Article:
UK small press big on ideas, light on cash
HEBDEN BRIDGE, England, June 6: More than a decade before ''The Da Vinci Code'' phenomenon, a free-spirited British couple wrote their own homage to the Holy Grail after a year bicycling across southern France.
''Cycling in Search of the Cathars'' - the first book to be published by Elaine Connell and Chris Ratcliffe's tiny Pennine Pens in 1991 - was part travelogue and part history of Holy Grail folklore, the subject of Dan Brown's novel-turned-film.
''I still get annoyed at that,'' said Connell, reflecting on how their book brought none of the success enjoyed by Brown.
In this case, big proved beautiful -- big marketing, big stars and big money leading to a global blockbuster.
But as large publishing houses fight for business in a market characterised by consolidation and cut-rate discounts, Britain's small press companies like Pennine Pens in northern England are finding some success thanks to technology and a desire for new literary voices.
Measuring success at small presses is difficult, mainly because the firms are so diverse.
Many have annual sales of less than 1 million pounds (1.87 million dollars), their books take up scant shelf space in large bookstores and cater to niche interests such as crime fiction, horror stories or walking guides.
But in the small towns and cities nestled near Yorkshire's boggy moors and far from the bustle of London's literary scene, small publishers say they have been multiplying and growing.
''The further you go north, the healthier the independent publishing industry is,'' said Hannah Bannister, marketing director of Peepal Tree Press, a Leeds-based publisher of Black British and South Asian writers.
''In a lot of ways it's the small publishers that define what the big publishers do next,'' she added.
SMALL IS BEAUTIFUL
The Pennine hills in Yorkshire have a rich literary tradition, which includes the Bronte sisters, who immortalised the landscape in novels like ''Wuthering Heights'' and ''Jane Eyre'', and former poet laureate Ted Hughes, who grew up in Mytholmroyd, near Hebden Bridge.
The 2.8 billion pound (5.2 billion dollars) British book industry has been in decline for nearly a decade. But sales by some of the smallest publishers have been decreasing at roughly half the rate of the largest, according to the Publishers Association.
That trend is even more marked in the United States. A Book Industry Study Group survey in 2004 showed publishers with annual sales of 1 million dollars or less made up 94 per cent of the total population of publishers.
This segment generated around 10 percent of total publishing sales of 34.8 billion dollars in 2004.
One factor behind this growth in small presses has been the explosion of the Internet in the last decade. It has helped small publishers to compete by cutting down on design costs and making marketing easier.
''The Internet allowed us to work on an even playing field,'' said Chris Ratcliffe, co-founder of Pennine Pens, which he runs from his home in Hebden Bridge, a town known for its resident artists and writers.
Self-publishing software has also made it easier to print smaller batches of books, while big publishers depend on bulk sales of a single book -- Random House has sold 50 million copies worldwide of ''The Da Vinci Code'' -- to cover distribution and marketing costs.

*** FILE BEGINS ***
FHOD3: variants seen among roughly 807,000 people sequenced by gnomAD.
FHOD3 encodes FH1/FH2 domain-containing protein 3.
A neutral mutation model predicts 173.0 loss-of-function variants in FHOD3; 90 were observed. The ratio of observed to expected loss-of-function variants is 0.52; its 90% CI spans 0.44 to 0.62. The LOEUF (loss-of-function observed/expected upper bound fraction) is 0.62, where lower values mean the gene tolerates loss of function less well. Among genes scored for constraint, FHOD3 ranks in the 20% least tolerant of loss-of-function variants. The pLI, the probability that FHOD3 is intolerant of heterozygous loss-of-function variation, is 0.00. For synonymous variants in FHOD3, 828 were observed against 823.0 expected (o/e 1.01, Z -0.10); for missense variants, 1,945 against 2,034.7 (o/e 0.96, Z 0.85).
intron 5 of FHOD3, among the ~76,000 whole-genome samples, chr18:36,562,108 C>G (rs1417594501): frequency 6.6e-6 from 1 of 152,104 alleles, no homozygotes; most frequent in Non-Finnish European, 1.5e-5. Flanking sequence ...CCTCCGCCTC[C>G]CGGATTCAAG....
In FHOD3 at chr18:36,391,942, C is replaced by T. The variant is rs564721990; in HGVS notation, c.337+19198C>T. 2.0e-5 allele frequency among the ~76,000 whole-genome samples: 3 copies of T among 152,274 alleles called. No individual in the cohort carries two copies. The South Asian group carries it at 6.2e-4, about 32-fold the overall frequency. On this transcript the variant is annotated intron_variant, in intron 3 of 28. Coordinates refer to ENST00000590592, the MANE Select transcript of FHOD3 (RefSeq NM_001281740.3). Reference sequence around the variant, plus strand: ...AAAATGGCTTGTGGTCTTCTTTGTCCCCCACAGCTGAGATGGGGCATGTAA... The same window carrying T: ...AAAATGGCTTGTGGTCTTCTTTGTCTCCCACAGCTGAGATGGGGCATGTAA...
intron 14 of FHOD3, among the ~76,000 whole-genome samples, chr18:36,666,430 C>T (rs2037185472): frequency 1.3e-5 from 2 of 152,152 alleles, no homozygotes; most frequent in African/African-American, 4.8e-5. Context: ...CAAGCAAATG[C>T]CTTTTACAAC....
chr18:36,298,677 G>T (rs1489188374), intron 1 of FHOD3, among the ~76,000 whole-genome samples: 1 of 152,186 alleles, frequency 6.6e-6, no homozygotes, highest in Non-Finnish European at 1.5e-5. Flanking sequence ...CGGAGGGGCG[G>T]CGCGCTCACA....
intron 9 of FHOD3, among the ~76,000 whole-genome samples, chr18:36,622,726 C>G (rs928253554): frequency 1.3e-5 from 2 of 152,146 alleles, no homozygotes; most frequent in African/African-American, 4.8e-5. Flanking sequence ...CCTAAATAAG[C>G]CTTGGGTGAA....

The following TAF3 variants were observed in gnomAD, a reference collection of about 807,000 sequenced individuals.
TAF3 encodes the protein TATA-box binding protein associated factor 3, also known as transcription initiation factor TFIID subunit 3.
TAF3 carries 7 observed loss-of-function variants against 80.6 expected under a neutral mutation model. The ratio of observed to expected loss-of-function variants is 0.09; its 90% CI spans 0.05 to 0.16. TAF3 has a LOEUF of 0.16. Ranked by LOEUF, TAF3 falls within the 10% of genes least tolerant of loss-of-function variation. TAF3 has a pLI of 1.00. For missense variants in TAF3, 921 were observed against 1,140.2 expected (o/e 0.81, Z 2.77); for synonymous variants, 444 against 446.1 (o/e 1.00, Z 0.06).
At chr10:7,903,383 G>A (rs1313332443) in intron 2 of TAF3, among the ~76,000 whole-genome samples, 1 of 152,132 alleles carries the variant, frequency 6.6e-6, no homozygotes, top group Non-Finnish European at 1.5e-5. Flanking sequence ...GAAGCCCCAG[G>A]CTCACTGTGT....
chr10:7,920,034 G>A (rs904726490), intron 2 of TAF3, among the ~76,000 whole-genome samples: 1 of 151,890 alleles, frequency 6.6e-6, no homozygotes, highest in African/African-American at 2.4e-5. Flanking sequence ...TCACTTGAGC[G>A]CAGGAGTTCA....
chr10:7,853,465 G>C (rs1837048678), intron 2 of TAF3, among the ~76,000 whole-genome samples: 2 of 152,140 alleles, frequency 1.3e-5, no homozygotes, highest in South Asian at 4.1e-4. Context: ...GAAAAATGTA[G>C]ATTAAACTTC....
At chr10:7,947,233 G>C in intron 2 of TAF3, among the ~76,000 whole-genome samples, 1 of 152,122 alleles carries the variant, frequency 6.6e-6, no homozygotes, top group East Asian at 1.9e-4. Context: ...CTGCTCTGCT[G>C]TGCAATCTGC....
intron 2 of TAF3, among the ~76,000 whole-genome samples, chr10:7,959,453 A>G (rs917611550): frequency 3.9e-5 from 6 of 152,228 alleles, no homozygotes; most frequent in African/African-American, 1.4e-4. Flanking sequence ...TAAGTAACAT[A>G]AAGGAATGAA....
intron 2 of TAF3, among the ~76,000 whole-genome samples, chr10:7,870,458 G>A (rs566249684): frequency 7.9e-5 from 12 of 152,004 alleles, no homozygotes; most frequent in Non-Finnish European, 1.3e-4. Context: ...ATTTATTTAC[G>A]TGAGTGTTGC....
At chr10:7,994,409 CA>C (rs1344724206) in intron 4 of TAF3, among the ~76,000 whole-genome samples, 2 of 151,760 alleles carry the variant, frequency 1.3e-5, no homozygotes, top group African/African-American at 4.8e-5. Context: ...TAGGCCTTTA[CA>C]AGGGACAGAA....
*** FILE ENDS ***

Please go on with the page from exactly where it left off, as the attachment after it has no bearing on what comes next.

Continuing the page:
SENSE OF INTIMACY
Some authors also prefer the close relationship between editor and writer offered by small publishers. ''The benefits are what you would call intimacy in the sense of the relationship of editing with every single writer we publish,'' Jeremy Poynting, founder and managing editor of Peepal Tree Press, said.
Some large publishers do not even use in-house editors, he added.
''Suspended Sentences'', a book by Mark McWatt published by Peepal Tree, won a Commonwealth Writers' prize this year.
McWatt said that for now the pleasure of being able to work closely with editors at Peepal Tree outweighed the occasional frustrations of having such a small publisher with limited resources and having to field phone calls from readers looking for copies of his books.
''Right now, I guess I feel more loyal to Peepal than frustrated with their limitations,'' McWatt said.
Even though small publishers may be favoured by a hunger for fresh literary voices, they still face pressure from falling prices and a declining population of readers.
Book store discounts have eroded profits, particularly in Britain where publishers have to negotiate prices with the large retail outlets. In the United States, all outlets are offered the same deal.
''The issue is getting the voices out there and it's getting more and more difficult to get the voices on store shelves,'' Constance Sayre, of media-consulting firm Market Partners International, said.
Peepal Tree Press, for example, sold 25 per cent more books in 2005 but the value of its sales increased only 3 per cent. Peepal Tree and Pennine Pens declined to give annual revenue figures but said they were well below 1 million pounds per year. Small publishers say money is not what got them into the business in the first place.
The craft and creativity are the best parts of the job, Peepal's Poynting said.
The most enjoyable time ''tends to be when you realise the work you do is important to other people,'' he said.